This is a sponsored column by attorneys John Berry and Kimberly Berry of Berry & Berry, PLLC, an employment and labor law firm located in Northern Virginia that specializes in federal employee, security clearance, retirement and private sector employee matters.
By John V. Berry, Esq.
Not too long ago, maybe 5 years or so, there were clearly two groups of individuals that would apply for security clearances.
There would be a group of individuals at the highest levels of our government that would be allowed to obtain security clearances despite having very significant security concerns, and then there was everyone else (federal employees and government contractors) that had to go through a often lengthy clearance appeals process to obtain a security clearance with nearly the same issues, sometimes going months without pay while they wait.
This disparity, in this author’s opinion, is starting to fade. In my interview last Thursday with Wolf Blitzer on Inside Politics about the emerging Rob Porter crisis, I spoke about the disparity that exists between highly placed employees (e.g. White House) and most of the rest of employees and contractors that attempt to obtain security clearances.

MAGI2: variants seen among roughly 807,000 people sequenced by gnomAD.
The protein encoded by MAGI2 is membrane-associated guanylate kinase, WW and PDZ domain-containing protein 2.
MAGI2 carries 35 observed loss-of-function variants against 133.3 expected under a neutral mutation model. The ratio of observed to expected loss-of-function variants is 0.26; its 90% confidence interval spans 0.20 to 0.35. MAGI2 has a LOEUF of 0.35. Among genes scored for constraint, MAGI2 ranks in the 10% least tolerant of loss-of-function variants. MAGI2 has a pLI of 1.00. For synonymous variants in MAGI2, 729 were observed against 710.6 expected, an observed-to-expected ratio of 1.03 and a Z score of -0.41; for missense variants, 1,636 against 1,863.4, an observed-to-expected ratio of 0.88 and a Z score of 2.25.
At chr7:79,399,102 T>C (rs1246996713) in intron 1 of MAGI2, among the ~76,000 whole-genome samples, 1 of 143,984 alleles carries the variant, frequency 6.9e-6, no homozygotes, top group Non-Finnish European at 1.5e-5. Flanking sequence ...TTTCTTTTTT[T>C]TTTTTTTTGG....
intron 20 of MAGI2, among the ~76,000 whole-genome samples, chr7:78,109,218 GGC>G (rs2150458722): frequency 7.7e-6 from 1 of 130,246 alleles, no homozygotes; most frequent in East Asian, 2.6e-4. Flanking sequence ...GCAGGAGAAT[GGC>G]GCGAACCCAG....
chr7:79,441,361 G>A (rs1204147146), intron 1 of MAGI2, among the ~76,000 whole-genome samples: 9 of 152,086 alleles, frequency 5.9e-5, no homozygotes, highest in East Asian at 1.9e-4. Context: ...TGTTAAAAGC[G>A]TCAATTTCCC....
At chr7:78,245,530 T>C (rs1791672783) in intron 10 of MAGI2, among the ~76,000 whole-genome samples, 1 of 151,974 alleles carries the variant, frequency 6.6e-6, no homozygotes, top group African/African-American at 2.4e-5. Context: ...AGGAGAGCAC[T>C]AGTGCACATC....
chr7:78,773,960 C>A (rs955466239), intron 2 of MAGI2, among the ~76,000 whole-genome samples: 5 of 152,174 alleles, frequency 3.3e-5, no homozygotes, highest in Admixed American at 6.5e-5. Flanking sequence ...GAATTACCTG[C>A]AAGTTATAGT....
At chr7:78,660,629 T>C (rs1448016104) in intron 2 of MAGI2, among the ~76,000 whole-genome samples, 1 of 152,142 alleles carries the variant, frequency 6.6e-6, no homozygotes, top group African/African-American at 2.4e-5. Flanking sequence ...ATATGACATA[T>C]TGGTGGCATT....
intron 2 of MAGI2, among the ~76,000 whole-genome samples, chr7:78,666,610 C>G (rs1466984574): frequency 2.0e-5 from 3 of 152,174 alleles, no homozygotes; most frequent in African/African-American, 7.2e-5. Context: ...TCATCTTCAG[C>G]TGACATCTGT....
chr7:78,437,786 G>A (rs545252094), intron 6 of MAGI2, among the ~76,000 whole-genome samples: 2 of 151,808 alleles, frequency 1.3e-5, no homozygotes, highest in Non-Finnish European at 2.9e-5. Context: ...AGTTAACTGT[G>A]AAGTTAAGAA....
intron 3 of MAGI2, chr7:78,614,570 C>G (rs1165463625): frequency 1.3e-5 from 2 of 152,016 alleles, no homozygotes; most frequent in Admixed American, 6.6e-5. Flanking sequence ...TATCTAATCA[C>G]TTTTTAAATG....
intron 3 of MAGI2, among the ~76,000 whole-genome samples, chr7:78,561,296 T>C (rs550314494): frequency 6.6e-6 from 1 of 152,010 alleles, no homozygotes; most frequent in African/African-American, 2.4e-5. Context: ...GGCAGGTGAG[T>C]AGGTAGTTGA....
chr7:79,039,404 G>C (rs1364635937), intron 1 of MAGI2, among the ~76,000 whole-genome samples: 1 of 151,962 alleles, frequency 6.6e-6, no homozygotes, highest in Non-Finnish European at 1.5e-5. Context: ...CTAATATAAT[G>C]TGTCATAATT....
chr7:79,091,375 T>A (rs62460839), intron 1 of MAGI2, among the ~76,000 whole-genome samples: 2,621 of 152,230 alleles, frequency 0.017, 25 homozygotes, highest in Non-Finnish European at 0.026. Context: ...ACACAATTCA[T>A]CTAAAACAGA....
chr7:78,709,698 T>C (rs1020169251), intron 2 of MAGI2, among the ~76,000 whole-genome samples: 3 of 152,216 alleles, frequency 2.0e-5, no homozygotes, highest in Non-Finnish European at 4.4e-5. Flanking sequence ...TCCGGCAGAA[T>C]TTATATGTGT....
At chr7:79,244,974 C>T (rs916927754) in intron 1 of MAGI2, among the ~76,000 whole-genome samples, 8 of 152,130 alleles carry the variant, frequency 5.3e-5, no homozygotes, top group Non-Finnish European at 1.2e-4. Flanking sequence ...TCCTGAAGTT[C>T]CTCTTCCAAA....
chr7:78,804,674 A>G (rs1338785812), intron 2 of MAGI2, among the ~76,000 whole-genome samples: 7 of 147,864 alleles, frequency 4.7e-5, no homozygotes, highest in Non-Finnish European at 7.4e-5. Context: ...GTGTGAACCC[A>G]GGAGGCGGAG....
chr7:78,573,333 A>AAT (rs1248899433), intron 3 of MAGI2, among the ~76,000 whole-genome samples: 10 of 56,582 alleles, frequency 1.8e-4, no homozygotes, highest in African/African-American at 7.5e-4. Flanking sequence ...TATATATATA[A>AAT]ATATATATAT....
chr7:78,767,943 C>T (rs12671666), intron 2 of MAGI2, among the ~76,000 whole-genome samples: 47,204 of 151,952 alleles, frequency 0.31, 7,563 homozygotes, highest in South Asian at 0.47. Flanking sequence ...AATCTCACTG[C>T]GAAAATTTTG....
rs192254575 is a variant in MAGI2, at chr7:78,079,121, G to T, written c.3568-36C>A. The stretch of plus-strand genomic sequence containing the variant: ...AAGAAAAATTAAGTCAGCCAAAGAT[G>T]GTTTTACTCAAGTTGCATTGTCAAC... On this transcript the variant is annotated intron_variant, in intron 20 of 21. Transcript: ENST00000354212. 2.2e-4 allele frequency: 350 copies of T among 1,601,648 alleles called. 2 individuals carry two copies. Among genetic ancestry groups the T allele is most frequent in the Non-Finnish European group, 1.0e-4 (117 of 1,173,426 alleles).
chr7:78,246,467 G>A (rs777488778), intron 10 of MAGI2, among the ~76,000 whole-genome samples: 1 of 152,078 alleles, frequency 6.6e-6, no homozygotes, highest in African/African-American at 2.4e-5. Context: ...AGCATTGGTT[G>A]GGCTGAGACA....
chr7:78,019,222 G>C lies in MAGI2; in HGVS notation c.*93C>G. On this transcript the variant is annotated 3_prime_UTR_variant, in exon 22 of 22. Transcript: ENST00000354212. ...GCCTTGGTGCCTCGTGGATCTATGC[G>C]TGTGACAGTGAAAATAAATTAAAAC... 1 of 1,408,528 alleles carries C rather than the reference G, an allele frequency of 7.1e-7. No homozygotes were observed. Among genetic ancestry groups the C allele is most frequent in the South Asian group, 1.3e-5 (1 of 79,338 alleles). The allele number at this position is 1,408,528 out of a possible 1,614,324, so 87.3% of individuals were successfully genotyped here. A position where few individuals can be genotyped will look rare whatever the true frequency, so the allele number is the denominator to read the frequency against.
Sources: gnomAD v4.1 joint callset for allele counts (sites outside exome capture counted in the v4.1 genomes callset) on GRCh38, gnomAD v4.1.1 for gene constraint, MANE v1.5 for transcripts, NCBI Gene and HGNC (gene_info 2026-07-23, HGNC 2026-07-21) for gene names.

It occurred to me as I was speaking that we, as a society, may have reached critical mass on this issue. Perhaps it was inevitable due to increased use of social media (Facebook, Twitter, etc.) or just the society we live in today, but change is definitely on the horizon.
It was not too long ago that I would represent security clearance clients at both sides of the spectrum with nearly identical security concerns (e.g. prior drug use, assault allegations or financial issues), where they were treated differently.
Too often, the higher-level employees I represented (usually appointees) would be treated more preferentially than other federal employees or contractors. I always felt that, in that sense, the clearance process was unfair. It certainly doesn’t follow the principles in Executive Order 12968.
In any event, with the recent scrutiny involving the White House security clearance process for Robert Porter and Chief of Staff John Kelly, along with other recent issues and trends, I think that the tide has started to turn.
I believe that we are moving towards a future where employees seeking to obtain a security clearance, at all levels, will start to be treated more similarly. I think that the fear of not doing so, and then being called on it later in social media, may help enforce this; that is a good thing.
I enjoy representing all types of employees and appointees in security clearance matters, but feel that the process should be fairly applied across the board.
Our law firm represents and advises employees on security clearance matters nationwide. If you need legal assistance, please contact our office at (703) 668-0070 or at www.berrylegal.com to schedule a consultation. Please also visit and like us on Facebook at www.facebook.com/BerryBerryPllc.
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